“I know what it’s like to have a mother handling six children and no food, shoes, or medical care,” says Esther Park, who was six when her father died in South Korea. The family lived in one room. At the communal well, young Esther would see many women suffering black eyes and bruises.
Now, at the Korean Community Service Center of Greater Washington, “women who knock on our door have the same story,” she says. Shame, poverty, lack of education, and a cultural tendency to keep troubles within the family come together to maintain a cycle of despair.
When Park began volunteering for Annandale-based KCSC in 1999, the nonprofit was adrift and, like its constituency, largely isolated; its seven employees sometimes went unpaid. Since she became director in 2002, it has grown to 16 staff and hundreds of volunteers with a $900,000 budget. KCSC has reached out, joining other nonprofits in programs for teens, day laborers, and more. It has won support and praise from foundations. “We are the safety net for Korean-speaking people,” she says.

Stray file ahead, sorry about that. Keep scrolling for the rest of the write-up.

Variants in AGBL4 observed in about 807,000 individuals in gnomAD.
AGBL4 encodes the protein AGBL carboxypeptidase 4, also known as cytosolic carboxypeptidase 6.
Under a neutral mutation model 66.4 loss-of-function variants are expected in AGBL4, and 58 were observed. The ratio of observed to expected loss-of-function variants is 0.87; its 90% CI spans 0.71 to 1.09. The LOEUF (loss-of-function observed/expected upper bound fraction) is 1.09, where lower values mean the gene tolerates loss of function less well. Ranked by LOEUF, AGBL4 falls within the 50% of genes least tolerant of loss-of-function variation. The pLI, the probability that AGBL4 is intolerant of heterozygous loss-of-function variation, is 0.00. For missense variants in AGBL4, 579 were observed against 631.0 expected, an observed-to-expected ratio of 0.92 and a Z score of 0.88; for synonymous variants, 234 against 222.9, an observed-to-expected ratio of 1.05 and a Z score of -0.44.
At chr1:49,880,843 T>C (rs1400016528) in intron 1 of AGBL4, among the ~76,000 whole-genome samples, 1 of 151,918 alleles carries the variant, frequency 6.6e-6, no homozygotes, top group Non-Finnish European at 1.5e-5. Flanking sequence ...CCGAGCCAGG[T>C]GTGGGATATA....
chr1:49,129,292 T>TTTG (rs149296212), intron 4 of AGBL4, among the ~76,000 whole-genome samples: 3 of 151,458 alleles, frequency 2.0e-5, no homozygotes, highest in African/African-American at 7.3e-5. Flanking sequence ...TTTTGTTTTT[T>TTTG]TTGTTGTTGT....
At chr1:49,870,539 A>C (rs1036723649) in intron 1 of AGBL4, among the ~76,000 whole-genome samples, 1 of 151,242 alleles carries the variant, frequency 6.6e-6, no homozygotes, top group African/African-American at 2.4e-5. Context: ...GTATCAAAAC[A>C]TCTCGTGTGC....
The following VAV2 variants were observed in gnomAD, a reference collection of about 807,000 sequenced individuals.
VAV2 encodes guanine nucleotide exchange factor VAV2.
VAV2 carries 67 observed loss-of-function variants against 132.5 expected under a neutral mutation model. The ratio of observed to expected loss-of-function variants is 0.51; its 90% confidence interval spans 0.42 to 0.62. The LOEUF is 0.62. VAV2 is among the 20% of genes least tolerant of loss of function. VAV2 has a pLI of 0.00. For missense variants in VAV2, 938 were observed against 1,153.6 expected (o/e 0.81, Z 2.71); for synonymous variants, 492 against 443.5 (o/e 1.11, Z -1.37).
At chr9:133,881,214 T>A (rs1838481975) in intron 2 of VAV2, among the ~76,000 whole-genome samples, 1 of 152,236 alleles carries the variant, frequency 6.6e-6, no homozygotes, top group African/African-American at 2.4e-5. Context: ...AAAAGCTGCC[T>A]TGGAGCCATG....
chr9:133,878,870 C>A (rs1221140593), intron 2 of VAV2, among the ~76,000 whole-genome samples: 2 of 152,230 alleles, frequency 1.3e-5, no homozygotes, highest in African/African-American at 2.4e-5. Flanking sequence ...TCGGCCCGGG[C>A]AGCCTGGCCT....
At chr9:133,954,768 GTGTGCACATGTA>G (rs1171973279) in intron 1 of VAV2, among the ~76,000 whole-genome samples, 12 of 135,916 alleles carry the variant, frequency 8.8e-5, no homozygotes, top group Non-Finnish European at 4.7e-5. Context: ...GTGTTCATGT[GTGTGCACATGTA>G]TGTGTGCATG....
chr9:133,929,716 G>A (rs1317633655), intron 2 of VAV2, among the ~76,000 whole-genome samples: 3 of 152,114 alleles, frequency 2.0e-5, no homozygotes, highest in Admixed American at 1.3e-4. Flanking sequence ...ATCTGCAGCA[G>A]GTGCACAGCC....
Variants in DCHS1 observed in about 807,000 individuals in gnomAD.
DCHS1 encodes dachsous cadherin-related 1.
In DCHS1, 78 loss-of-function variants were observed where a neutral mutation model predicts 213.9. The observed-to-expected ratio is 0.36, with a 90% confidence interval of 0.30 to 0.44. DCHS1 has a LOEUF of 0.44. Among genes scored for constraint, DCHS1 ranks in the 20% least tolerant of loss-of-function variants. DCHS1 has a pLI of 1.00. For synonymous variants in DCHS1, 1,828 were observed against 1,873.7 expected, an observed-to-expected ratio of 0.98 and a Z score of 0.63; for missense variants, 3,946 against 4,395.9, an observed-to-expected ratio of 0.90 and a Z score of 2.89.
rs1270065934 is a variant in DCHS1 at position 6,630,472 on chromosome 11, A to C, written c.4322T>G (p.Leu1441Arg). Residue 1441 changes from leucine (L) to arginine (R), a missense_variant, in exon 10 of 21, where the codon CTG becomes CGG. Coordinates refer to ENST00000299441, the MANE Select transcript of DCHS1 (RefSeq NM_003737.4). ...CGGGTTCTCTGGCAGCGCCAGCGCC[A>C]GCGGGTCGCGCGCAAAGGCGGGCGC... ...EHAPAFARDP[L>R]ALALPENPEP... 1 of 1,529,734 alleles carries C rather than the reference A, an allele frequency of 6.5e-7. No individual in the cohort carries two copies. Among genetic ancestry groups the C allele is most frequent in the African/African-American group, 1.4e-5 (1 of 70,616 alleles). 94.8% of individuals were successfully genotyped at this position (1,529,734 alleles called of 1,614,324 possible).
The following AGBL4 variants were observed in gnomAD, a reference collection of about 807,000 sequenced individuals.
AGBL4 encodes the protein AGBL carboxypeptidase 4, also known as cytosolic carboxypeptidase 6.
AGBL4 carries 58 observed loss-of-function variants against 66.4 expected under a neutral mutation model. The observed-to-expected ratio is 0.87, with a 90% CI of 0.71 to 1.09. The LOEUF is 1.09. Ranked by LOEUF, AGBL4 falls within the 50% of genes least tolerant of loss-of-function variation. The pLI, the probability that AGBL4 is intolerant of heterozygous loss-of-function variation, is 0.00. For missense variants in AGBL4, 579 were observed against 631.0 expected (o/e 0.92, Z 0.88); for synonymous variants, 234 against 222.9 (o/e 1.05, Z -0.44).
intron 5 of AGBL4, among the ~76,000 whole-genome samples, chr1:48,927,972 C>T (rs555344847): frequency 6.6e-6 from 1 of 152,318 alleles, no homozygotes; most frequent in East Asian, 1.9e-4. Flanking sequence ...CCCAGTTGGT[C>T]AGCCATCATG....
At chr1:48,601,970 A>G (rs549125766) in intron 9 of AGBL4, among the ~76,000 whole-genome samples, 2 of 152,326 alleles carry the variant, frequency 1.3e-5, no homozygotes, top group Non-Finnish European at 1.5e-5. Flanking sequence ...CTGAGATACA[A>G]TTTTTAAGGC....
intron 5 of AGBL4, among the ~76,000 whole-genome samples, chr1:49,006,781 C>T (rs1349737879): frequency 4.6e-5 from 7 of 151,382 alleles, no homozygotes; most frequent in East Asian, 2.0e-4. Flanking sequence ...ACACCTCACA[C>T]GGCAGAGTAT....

Park has gone from teaching psychology in Atlanta to directing the nonprofit’s youth and family programs to launching new programs, connections, even satellite offices in Gaithersburg and Riverdale. Its clientele can get help with job training and placement, heathcare, housing, citizenship, legal needs, and English classes. Counseling is a specialty—especially in parenting, marriage, and reduction of domestic violence.
KCSC “has been critical to the success of the Korean Senior Information Line,” says Sharon Lynn of the Fairfax Area Agency on Aging. “I’ve found Esther to be a strong leader eager to create partnerships.” So have the thousands of residents she serves.
See all of the 2008 Washingtonians of the Year